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A Fortnight Can Make A Difference

A Fortnight Can Make A Difference

30 April 2008

The first fortnight of May (3 May – 18 May) is a time to make a real difference to the lives of disadvantaged producers by supporting Trade Aid and joining in the celebrations for this year’s Fair Trade Fortnight.

This year the international theme for the fortnight is focused on how fair trade provides environmental justice to many of the world’s disadvantaged producers. These are the people with the lightest carbon footprint, yet they are being most affected by recent changes in climate. Trade Aid is running one of their biggest campaigns yet for Fair Trade Fortnight with a strong focus on this theme.

“The global environmental movement is challenging us all to think about our impact on our planet. This fortnight, Trade Aid challenges New Zealanders to go a step further and make a real difference. When you buy Trade Aid products, you can be confident that you are doing something positive for people and the planet.” says Michelia Ward, spokesperson for Trade Aid.

This year Trade Aid has initiated an Environmental Justice campaign that runs from Fair Trade Fortnight through to World Environment Day (June 5). With Wellington named international host city for this day, Trade Aid sees no better time to focus the public on this issue of Environmental Justice.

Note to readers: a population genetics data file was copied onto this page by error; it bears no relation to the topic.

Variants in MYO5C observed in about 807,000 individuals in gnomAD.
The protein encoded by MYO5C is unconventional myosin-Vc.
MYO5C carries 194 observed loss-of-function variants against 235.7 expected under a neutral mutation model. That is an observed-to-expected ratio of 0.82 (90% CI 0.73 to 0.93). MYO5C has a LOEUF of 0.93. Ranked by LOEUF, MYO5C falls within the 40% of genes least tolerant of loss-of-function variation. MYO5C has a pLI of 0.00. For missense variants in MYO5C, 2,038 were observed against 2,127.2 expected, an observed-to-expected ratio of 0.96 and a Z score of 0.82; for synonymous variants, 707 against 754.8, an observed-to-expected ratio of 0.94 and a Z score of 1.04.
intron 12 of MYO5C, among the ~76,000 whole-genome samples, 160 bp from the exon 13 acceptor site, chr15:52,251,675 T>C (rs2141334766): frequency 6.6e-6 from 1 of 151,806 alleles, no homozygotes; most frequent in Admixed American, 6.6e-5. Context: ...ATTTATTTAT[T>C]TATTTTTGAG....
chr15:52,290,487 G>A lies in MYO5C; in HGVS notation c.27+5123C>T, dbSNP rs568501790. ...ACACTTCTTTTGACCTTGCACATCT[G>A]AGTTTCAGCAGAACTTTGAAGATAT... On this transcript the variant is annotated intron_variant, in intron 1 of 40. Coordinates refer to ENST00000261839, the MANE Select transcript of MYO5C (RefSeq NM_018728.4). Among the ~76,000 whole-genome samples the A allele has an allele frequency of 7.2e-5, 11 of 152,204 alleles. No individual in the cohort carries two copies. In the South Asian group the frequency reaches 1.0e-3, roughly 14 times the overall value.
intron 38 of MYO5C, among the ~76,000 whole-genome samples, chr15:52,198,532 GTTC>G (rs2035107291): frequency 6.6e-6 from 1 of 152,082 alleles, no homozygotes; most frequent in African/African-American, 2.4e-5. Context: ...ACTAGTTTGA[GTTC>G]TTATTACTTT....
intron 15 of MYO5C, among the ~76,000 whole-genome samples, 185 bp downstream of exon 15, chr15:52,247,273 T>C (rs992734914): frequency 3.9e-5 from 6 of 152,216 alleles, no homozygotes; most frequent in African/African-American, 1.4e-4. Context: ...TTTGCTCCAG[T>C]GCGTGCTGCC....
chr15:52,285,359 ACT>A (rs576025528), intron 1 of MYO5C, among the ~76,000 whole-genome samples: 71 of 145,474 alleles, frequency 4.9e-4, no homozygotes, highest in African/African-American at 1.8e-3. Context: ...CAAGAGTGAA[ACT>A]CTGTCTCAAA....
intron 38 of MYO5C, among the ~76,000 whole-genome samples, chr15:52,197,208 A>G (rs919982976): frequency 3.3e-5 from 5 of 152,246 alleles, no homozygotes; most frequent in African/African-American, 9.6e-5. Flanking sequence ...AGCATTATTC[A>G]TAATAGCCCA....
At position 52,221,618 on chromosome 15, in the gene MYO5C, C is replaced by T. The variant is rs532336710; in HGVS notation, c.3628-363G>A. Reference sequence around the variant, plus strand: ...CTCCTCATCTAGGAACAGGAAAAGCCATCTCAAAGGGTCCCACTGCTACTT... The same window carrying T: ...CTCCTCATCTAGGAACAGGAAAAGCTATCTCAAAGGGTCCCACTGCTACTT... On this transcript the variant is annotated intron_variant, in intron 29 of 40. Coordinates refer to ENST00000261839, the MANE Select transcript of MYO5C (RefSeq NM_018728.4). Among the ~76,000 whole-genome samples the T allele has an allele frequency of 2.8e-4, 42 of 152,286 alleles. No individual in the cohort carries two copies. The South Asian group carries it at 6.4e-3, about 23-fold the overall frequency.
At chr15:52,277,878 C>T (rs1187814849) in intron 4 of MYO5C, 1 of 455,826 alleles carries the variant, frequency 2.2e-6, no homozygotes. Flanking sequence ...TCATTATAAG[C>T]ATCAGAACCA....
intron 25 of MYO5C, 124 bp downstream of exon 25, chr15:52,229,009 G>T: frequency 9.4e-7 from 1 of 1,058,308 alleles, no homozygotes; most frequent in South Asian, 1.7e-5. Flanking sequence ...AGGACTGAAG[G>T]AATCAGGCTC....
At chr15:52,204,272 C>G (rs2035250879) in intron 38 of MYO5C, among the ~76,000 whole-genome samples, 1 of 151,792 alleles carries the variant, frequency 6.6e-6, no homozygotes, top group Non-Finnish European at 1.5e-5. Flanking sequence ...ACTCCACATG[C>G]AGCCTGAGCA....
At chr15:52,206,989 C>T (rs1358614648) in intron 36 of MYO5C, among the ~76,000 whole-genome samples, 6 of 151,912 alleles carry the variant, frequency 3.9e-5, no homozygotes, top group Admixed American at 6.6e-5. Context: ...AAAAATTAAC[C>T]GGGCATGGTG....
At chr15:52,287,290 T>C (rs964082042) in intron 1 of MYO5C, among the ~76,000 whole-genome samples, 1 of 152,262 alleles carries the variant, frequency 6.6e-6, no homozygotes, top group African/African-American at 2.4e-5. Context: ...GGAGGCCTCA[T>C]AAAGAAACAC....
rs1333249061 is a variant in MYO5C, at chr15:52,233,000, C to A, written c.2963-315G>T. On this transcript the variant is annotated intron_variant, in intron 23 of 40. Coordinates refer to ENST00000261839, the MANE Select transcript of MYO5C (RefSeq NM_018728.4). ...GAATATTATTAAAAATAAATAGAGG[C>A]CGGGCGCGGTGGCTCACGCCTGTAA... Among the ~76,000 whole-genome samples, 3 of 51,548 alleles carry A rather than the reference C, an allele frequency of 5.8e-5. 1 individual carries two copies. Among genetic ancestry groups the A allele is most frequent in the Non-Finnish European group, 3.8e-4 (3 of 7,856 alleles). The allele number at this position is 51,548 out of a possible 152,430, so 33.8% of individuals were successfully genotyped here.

Trade Aid’s producer partners are already being affected by this change in climate and this campaigns focus comes on the shoulders of The UN Development Programme warning that climate change would hit the world's poorest countries (including many of Trade Aid’s trading partners), raising risks of disease, destruction of traditional livelihoods and leading to huge population movements. In India and Bangladesh it is believed that 125 million people will be displaced with the rising sea levels triggered by a projected increase in global temperature during this century.

Trade Aid is organising events during this fortnight across the country. The main areas of activity include a national Junk to Green Funk online art competition, a host of local events run by Trade Aid’s 32 stores, as well as a National Art Auction on June 3 at the Wellington Town Hall. The art works for this auction have been provided by 30 regional, well-known artists with half the proceeds going to Enviroschools for environmental education.

This fortnight and every day after, you can make a difference says Ms. Ward. Trade Aid calls on all consumers to be environmental justice advocates and to change their lifestyle and shopping habits by buying carefully and considerately and choosing fairly traded products.